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06-06-2014, 07:09 PM
RE: Atwill Documentary...excellent stuff
(06-06-2014 05:56 PM)Michael_Tadlock Wrote:  I did my best to skim through what you wrote. There are some interesting coincidences in Josephus writings to some of the story in the gospels. The hardest part about attributing these stories to Josephus is that these stories did not make their way into scripture for some fifty years after the fact. That is a huge time gap, and a remarkably patient Caesar. The time line is the enemy of this theory. Christianity very clearly changed from how Paul preached it to how it was written of in the gospels. The likelihood that these stories had one principle source seems very remote.

Also, I take issue with how the the central themes of the gospels has been interpreted. It is true that there is no indignation and no resentment for these Romans who destroyed the temple in the text, and this seems suspect. I think it is more plausible that the writers of the new testaments where probably closer to Rome than they were to Israel. They had a political bias. Also, these attitudes and beliefs are very consistent with how the Jews handled the post exilic period after being conquered by the Babylonians in the 5th century BCE. This period was when much of the old testament was written, and the writers of the old testament chose to blame the leaders of Israel (mostly) and Judah (a bit) for displeasing the lord. To give credit to the Babylonians, or the Romans, or any other people for conquering Jerusalem would be the equivalent of saying their armies has conquered the will of god. The only acceptable explanation when hardship falls upon Israelis that god had become displeased with them, and allowed foreign enemies to subjugate them. Somehow they had broken the covenant with God and were being punished. The more egregious the harm the harm the better the evidence that they had displeased the lord. It would be both convenient and fitting to blame the Jews for the destruction of the temple and the death of jesus christ, with the latter perhaps being the cause of the former.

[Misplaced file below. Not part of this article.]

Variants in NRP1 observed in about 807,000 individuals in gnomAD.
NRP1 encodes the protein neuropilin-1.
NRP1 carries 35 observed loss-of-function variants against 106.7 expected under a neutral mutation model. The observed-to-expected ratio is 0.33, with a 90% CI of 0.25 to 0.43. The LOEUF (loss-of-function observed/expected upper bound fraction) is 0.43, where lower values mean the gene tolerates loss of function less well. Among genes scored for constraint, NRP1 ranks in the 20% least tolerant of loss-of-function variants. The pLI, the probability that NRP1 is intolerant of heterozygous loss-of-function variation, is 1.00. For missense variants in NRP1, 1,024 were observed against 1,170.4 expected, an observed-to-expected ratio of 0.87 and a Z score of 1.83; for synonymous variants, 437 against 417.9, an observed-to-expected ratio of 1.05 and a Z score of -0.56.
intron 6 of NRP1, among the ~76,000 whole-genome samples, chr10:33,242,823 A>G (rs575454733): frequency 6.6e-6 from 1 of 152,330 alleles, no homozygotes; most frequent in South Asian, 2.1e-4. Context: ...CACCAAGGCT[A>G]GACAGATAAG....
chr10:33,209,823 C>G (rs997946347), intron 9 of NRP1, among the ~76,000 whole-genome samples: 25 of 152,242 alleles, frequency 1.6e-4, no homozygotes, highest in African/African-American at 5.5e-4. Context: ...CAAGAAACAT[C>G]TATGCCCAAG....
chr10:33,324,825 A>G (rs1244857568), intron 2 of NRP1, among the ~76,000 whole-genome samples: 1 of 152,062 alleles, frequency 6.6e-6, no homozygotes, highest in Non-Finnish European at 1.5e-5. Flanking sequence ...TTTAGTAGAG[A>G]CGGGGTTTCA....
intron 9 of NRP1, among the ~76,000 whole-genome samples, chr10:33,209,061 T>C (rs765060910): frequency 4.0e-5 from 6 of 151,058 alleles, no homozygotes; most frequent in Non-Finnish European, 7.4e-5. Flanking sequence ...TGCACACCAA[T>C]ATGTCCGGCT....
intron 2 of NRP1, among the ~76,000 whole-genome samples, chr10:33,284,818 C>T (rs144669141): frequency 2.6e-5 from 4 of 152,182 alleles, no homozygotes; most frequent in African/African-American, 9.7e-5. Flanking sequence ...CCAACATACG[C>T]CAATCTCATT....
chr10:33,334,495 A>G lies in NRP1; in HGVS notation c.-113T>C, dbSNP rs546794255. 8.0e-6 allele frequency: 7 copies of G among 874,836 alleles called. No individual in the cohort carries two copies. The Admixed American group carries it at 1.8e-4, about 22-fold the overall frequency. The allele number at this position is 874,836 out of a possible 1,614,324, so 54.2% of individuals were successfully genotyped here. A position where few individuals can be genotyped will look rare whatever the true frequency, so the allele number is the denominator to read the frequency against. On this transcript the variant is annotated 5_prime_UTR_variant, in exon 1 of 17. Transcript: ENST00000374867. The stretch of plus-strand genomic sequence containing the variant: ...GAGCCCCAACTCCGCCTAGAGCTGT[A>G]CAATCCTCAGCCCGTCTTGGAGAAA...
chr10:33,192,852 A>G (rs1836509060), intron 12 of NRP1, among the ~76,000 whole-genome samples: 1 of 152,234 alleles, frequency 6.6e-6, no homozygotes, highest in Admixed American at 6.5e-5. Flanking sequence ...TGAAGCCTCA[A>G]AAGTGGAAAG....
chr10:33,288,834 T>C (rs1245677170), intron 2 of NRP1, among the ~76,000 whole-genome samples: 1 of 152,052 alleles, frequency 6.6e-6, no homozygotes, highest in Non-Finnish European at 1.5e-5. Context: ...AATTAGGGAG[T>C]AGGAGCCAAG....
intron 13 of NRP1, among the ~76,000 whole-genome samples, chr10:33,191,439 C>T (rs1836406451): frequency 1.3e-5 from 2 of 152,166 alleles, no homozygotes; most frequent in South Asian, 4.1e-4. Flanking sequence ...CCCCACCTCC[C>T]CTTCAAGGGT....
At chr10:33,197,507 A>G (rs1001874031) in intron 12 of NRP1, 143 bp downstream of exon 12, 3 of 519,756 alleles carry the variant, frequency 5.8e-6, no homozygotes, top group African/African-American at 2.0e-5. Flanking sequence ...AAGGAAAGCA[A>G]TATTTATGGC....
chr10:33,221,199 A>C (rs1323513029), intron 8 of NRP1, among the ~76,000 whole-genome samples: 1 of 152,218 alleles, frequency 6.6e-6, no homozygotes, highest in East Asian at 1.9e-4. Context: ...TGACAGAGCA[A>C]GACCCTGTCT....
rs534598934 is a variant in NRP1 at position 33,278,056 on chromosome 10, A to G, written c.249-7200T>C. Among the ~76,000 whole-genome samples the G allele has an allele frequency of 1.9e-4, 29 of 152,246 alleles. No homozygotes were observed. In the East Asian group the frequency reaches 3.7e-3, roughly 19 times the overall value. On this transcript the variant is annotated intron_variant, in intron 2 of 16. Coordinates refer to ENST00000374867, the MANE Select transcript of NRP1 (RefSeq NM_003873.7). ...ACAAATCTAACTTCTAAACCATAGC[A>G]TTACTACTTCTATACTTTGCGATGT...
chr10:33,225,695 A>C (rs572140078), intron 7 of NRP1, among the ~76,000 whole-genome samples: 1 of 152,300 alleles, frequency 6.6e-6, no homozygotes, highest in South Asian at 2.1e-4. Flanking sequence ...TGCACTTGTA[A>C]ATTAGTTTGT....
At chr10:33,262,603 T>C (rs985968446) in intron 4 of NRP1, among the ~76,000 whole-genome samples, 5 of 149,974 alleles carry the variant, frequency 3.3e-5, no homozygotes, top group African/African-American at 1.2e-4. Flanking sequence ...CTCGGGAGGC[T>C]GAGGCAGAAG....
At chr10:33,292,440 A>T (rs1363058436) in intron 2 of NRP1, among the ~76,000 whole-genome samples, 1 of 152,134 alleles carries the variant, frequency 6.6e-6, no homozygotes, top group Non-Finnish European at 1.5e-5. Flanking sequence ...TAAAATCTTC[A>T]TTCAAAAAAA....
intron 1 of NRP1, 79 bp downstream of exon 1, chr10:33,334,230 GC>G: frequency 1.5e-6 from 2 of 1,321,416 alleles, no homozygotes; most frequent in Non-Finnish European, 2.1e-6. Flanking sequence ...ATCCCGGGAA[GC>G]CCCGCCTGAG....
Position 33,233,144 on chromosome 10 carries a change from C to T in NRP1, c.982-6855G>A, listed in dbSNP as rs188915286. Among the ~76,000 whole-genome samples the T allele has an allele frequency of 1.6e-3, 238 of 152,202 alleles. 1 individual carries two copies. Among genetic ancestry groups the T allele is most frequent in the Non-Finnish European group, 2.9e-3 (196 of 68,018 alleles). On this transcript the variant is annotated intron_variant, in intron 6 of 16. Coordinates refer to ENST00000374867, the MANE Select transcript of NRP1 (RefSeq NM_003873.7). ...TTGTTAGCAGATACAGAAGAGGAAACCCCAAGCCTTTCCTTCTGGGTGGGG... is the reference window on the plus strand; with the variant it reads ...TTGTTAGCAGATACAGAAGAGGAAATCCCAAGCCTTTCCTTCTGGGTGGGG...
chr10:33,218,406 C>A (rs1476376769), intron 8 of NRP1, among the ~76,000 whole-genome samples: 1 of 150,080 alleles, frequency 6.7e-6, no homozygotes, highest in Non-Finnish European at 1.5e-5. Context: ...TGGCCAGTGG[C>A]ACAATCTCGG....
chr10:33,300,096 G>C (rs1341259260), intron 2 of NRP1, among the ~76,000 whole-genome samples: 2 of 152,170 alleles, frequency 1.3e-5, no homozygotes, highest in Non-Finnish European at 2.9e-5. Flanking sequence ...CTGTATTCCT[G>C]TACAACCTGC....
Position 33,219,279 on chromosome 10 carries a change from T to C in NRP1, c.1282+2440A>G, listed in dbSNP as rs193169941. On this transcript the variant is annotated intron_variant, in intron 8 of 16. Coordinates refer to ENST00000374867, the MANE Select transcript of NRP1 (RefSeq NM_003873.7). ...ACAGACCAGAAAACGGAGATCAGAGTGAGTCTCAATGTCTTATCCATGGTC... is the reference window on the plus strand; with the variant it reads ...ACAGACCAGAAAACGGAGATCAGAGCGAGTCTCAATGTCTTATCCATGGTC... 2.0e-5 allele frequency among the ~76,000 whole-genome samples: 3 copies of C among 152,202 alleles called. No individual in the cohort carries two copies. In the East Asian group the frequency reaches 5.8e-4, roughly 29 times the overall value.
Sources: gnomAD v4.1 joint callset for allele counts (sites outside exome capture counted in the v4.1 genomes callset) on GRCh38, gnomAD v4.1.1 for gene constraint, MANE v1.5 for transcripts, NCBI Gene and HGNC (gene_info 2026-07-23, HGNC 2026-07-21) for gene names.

It should also be noted that during the during the first and second century CE the majority of Christians did not live in Palestine. They were trying to establish churches and religious institutions within Rome. It would have been very unwise indeed to be preaching a militaristic and abstinent message to your followers while trying to get along under Roman rule.

When you are talking about ancient texts like this one all you can do is make educated guesses, and many times "evidence" could just as easily be interpreted by another as just coincidence. If you approach everything like that you end up with no theory. However, the evidence within the texts themselves paint a pretty clear picture. There where multiple authors of the new testament, over a long period of time, in many places and by many people. The languages and writing styles used in the most authentic texts attest to that. Could all of these people have been inspired or coerced by the Flavians? I mean sure, anything is possible. But when you put up the evidence side by side; coincidences in the writings of Josephus with some of the stories in the new testament a liberal interpretation of the material (at best), as compared to decades of rigorous etymological studies of the texts, the latter clearly carries more weight. I'm sorry, I see the evidence, I appreciate the similarities in the two texts, but I don't see Atwill's theory as the most plausible explanation. The existing theories have decades of study and research behind them and don't have any of the problems that Atwill's theory does.